1972 Brabham BT-38, Team Rondel F2
Ex-Reutemann, Wollek, Pescarolo, Wissel. Period Race Winner
Rondel Racing, Ltd. was started in 1971 by Ron Dennis and Neil Trundle. The combination of their names created the “Ron-del” team name. Dennis and Trundle had been Jack Brabham’s F1 mechanics until Brabham retired in 1970. In 1971, they decided to start their own F2 team with Brabham cars.
Because of their F1 connections, and reputation for expert preparation, the Rondel team was able to attract top driving talent. Rondel drivers included Formula One World Champion, Graham Hill, Tim Schenken, Carlos Reutemann, Bob Wolleck, Henri Pescarolo, Carlos Pace, and others. These were heady times in F2, with large crowds and many F1 drivers competing, including Emmerson Fittipaldi, Ronnie Peterson, François Cevert, Niki Lauda, James Hunt, Vittorio Brambilla, Jean Pierre Jarrier, Vern Schuppan, Patrick Depallier, Jody Schecketer, and many others.
The car offered here is chassis number 12. As reported by OldRacingCars.com/Brabham BT38 chassis #12 was raced by Carlos Reutemann, Henri Pescarolo, Bob Wollek, and Reine Wisell for the Rondel team. The car’s best result was first overall at the Gran Premio del Mediterraneo, held at L’Autodromo di Pergus, Enna, Sicily, Italy, on August 20, 1972.
The BT38’s cars were highly competitive, right through the end of the season at Hockenheim, where Schenken won from Mike Hailwood, Ronnie Peterson, Wilson Fittipaldi, and Graham Hill. Pescarolo, driving chassis number 12, finished 7th, ahead of James Hunt. Four of the top seven cars were BT-38’s.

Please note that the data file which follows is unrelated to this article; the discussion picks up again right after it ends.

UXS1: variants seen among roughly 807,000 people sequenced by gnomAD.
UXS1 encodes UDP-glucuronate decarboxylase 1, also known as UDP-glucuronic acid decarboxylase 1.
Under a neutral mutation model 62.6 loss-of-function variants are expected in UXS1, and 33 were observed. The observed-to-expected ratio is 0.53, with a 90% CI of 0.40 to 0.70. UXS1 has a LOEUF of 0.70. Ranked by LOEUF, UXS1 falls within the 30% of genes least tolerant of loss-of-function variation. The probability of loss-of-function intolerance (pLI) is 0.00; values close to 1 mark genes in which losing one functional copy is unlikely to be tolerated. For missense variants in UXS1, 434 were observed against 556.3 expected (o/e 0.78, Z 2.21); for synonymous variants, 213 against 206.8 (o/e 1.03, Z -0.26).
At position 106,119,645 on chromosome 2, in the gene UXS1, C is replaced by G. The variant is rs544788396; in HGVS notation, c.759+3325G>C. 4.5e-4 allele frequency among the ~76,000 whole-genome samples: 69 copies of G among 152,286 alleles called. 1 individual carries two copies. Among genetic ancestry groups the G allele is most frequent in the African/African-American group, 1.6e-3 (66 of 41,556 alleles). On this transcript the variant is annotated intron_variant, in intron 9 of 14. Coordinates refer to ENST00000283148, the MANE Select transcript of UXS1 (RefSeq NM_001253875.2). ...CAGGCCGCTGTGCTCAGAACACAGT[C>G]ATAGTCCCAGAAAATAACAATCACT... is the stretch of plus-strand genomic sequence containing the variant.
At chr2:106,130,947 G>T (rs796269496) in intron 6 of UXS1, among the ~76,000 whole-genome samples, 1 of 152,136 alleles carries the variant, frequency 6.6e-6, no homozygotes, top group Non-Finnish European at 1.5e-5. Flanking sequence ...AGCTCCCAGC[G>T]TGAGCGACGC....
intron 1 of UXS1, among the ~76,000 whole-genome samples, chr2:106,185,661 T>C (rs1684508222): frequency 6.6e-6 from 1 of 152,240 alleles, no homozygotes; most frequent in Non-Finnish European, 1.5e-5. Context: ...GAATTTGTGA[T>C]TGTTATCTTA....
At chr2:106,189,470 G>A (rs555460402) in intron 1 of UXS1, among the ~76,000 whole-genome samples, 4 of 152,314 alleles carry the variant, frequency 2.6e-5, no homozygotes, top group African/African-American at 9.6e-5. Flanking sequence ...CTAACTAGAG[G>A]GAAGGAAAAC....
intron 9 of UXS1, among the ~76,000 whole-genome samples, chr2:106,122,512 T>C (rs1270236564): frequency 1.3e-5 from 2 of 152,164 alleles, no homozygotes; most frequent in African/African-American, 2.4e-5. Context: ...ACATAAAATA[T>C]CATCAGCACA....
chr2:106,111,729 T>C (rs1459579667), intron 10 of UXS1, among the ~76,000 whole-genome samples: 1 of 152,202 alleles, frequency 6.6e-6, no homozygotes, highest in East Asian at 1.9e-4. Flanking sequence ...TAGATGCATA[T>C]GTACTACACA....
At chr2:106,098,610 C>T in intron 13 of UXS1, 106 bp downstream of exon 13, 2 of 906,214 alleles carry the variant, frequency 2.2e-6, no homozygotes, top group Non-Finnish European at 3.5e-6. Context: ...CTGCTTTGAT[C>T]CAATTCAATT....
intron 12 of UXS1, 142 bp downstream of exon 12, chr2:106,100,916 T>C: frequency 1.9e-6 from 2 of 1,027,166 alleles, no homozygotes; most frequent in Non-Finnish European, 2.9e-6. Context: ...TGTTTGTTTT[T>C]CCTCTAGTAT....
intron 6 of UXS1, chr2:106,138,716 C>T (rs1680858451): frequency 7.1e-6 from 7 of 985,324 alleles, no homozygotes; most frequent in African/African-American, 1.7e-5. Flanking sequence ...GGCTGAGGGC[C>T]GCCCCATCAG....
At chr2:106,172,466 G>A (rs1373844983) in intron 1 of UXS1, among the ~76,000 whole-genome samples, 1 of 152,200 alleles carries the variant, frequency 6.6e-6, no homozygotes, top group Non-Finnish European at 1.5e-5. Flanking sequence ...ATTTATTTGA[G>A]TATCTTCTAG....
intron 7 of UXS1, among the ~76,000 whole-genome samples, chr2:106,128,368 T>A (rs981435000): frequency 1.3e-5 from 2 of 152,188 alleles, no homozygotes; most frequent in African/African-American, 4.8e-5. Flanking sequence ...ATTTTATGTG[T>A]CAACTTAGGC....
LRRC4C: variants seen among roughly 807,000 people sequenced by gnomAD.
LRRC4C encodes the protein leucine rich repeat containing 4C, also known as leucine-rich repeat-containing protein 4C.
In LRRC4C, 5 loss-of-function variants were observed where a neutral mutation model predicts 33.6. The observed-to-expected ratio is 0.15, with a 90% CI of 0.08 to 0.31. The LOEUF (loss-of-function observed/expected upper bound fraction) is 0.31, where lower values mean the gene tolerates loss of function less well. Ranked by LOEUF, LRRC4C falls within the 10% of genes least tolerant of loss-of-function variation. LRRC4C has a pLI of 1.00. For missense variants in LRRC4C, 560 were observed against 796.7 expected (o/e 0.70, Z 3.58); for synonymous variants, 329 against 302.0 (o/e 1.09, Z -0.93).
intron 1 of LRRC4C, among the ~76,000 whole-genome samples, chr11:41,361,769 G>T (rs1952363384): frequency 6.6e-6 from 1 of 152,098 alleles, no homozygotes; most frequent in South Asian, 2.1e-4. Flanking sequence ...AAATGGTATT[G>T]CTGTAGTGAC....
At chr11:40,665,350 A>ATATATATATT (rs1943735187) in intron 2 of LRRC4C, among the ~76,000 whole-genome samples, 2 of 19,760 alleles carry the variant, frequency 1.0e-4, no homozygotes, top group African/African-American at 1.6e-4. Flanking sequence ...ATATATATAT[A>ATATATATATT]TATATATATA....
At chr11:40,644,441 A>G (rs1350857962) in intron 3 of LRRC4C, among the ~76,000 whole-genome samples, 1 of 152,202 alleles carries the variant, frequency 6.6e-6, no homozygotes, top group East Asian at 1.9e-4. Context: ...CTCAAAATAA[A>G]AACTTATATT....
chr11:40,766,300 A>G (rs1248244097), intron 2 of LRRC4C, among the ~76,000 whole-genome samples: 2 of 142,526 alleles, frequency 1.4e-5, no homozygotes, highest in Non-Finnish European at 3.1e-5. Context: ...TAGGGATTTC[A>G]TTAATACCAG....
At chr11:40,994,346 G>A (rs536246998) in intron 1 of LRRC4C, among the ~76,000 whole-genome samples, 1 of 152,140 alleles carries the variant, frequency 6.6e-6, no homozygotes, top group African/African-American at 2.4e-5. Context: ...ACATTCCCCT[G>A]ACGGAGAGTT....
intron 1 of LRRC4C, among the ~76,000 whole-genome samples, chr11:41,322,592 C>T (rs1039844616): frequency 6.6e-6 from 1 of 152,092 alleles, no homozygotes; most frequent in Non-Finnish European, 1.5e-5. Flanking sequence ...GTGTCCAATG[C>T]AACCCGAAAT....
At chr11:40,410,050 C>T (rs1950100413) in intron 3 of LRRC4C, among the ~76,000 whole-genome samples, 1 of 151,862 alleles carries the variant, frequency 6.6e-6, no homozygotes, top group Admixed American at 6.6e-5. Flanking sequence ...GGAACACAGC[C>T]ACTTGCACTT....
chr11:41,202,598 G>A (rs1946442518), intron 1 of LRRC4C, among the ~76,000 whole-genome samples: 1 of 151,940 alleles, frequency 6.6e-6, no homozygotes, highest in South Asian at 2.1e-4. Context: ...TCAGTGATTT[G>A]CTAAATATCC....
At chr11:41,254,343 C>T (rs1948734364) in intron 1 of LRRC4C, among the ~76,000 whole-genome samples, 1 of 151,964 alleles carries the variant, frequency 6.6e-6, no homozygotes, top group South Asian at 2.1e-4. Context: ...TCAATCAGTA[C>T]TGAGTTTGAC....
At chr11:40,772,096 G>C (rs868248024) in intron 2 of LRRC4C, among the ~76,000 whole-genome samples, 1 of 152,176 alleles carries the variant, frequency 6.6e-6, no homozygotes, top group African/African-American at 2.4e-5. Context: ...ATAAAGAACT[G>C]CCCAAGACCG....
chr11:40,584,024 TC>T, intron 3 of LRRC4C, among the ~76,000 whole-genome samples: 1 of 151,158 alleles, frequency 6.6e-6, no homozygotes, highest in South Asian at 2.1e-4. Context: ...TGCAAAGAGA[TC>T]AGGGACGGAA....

After the 1972 season, the car was purchased by South African F1 driver, Jackie Pretorius. Pretorius raced the BT-38 in the 1973 South African F1 Championship. The South African F1 championship consisted of 12 rounds, and combined F1, F2, and Formula 5000 cars all together. Despite racing against Cosworth DFV powered F1 machinery, including a Lotus 72 and a Tyrrell 004, as well as the more powerful Formula 5000 cars, Pretorious finished on the podium twice , and 7th overall in the championship.
In 1974, John Amm, also of South Africa, became the driver of the BT-38. He continued to compete with the car in the South African F1 Championship, but achieved no significant results.
The next reported sighting of the car was nearly 20 years ago, when it was found in poor condition, still in South Africa. See the photos below. Restoration on the car was started, but before it was completed, the car was shipped to the United States. It was in the U.S. that restoration was completed, and it is where the car currently resides.
Historic Formula 2 and Formula Atlantic racing series have recently been expanding worldwide, giving these cars more and more places to run, and often being featured events. Here are links to some of these series: Hockenheim Historic, Historic Sports Car Club of Britain, Formula Historic Series.
This particular car is also in the rare position of having raced in period, non-championship, F1 races, potentially opening doors for the car to run in historic F1 events as well.
A full restoration was completed on chassis number 12’s original tub & suspension several years ago. It has a fresh alloy Cosworth 2.0 liter with Lucas 8 mm injection. New starter, exhaust, axles & CV joints. New clutch, hoses, gauges, etc. Spares include wheels, gears, etc.
This is a beautiful, period correct, Team Rondel Formula 2 car with winning period history. It will be a great entry for historic F2 grids worldwide.